Stress and pressure, whether societal, financial or some other, have become regular parts of our lives in the modern day and age, especially if you are a college student. It is a well-known fact that the years spent in college can be the most stressful and overwhelming years of one’s life. Whether the stress regards deadlines, papers, expectations from self and others, relationships or the giant books and pressure to pass exams and graduate, it inevitably causes much more harm and damage than the majority of the students can handle.
Luckily for you, there is one way to lower the pressure, for example, paper and essay writing. If you are wondering what kind of sorcery that is, you can receive essay help you probably never knew you needed. You can thank me later!
However, essays are just a needle in a haystack of college pressures and stress-inducers. The types of pressure a regular student experiences are numerous: pressure to fit in, the pressure to be sexually active, to be at the top of the class or year, to pass exams, graduate, find a well-payed job and satisfy their parents’ expectations. Some people can’t handle that much pressure and simply drop out, just like Bill Gates did. Even though all of this may sound discouraging and depressing, there are ways you can make pressure your friend, and not a foe.
Stop Comparing Yourself To Other Students
There is always that one person that seems to be perfect at everything; they are a walking Wikipedia and seem to pass all exams with incredible ease. If you are that person, then how on Earth are you doing that? If not, then join the club. We all compare ourselves to those seemingly perfect people and wallow in the ‘truth’ that we will never be as smart or as successful. Well, it’s high time we stop doing that.
According to Psychology Today, the comparison game is the one we all lose. Instead of comparing, we should try accepting ourselves and the way we are, for starters. Some people are simply talented academically, but that doesn’t mean anything if they don’t develop as personalities, or if they don’t work hard. Therefore, live your life as the unique flower that you are, and stop comparing yourself to other flowers in the field. Just because it takes a bit longer for you to blossom, doesn’t mean that you won’t blossom at all. Accept yourself, your talents, unique ways, imperfections and always know your worth.
Nonetheless, if you still want to go on and compare yourself to others, at least do it as a motivation to improve what matters in life.
Take Care Of Your Health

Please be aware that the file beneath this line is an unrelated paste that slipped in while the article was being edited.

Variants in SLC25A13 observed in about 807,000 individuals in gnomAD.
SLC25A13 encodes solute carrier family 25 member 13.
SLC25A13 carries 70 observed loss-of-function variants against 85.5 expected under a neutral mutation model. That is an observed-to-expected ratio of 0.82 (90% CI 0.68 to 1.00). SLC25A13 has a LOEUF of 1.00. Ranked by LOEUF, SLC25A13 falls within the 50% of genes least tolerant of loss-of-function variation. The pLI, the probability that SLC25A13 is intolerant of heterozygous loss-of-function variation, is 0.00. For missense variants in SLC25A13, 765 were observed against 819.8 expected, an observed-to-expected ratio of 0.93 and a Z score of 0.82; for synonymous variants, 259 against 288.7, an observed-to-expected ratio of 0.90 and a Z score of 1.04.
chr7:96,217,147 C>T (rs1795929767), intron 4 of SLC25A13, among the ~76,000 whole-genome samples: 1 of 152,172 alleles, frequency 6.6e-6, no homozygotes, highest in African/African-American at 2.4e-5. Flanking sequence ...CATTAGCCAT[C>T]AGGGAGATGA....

If you are emotionally burned out, and you feel like crushing under the ‘weight’ of books, exams, and due-to papers, chances are your health is in bad shape. So, what can you do to improve your immune system, overall health and relieve the pressure? Here are some tips:
• Go For A Balanced Diet
I know, that Top Ramen package is a definition of a quick, satisfying meal and a simple pleasure. And that pizza from last night; an excellent breakfast. Well, yes, if you want to decrease your body’s energy level to a bare minimum. Lower energy means lower mental and physical capacity to deal with pressure and stress. If you don’t eat well, you will, naturally, always be tired, irritable and moody. Therefore, make sure to follow a balanced diet, rich in veggies, proteins, fruits, fat, and whole grains. Not to mention, a healthy diet also helps with learning and memory, so think of that next time you reach for junk food.
• Get Some Sleep (Some=Enough)
We have all been there; partying until 3 am, attending class at 8 am, looking and feeling like a zombie. So, this part is pretty self-explanatory; get enough sleep in order to reduce your stress level, irritability, moodiness, as well as to increase your concentration, patience, and memory. Set your priorities straight and learn to say ‘no’ from time to time. A good night’s sleep can do miracles for your mental and physical health.
• Hit The Gym
Physical activity is a great way to relieve the pressure and stress of college life. So, when you feel like your brain is melting, go for a long, quiet walk, a run, hit the gym for a 30 minute-cardio workout or simply meditate in your room. An exercise session can lighten stress, relieve pressure, improve concentration and boost creativity. Not to mention the good looks you will get too.
Stay Away From Energy Boosters And Alcohol
Okay, it is hard to imagine a studying session without an energy drink, tons of coffee or even caffeine pills (unless you have a caffeine allergy as I do). All of these are energy boosters and they ‘help’ you stay awake for an extended period. However, they also reduce the energy levels of your body and make you more susceptible to stress. If you do need that caffeine hit to be more productive, make sure to go for green tea; it is definitely more healthy and more efficient in the long run. Tea is also known to reduce stress and helps you stay focused much longer.
Alcohol, on the other hand, you probably won’t be using during your studying session, but definitely as a form of relaxation. It may seem like a logical thing to do, but alcohol will only make matters worse over a longer period of time. According to the National Institute on Alcohol Abuse and Alcoholism, college drinking can cause academic problems, mental health issues, alcohol dependency, cognitive impairment, and much more damage throughout years. So, learn to be above peer pressure and make sure to remember that there are many other ways you can relax or have fun.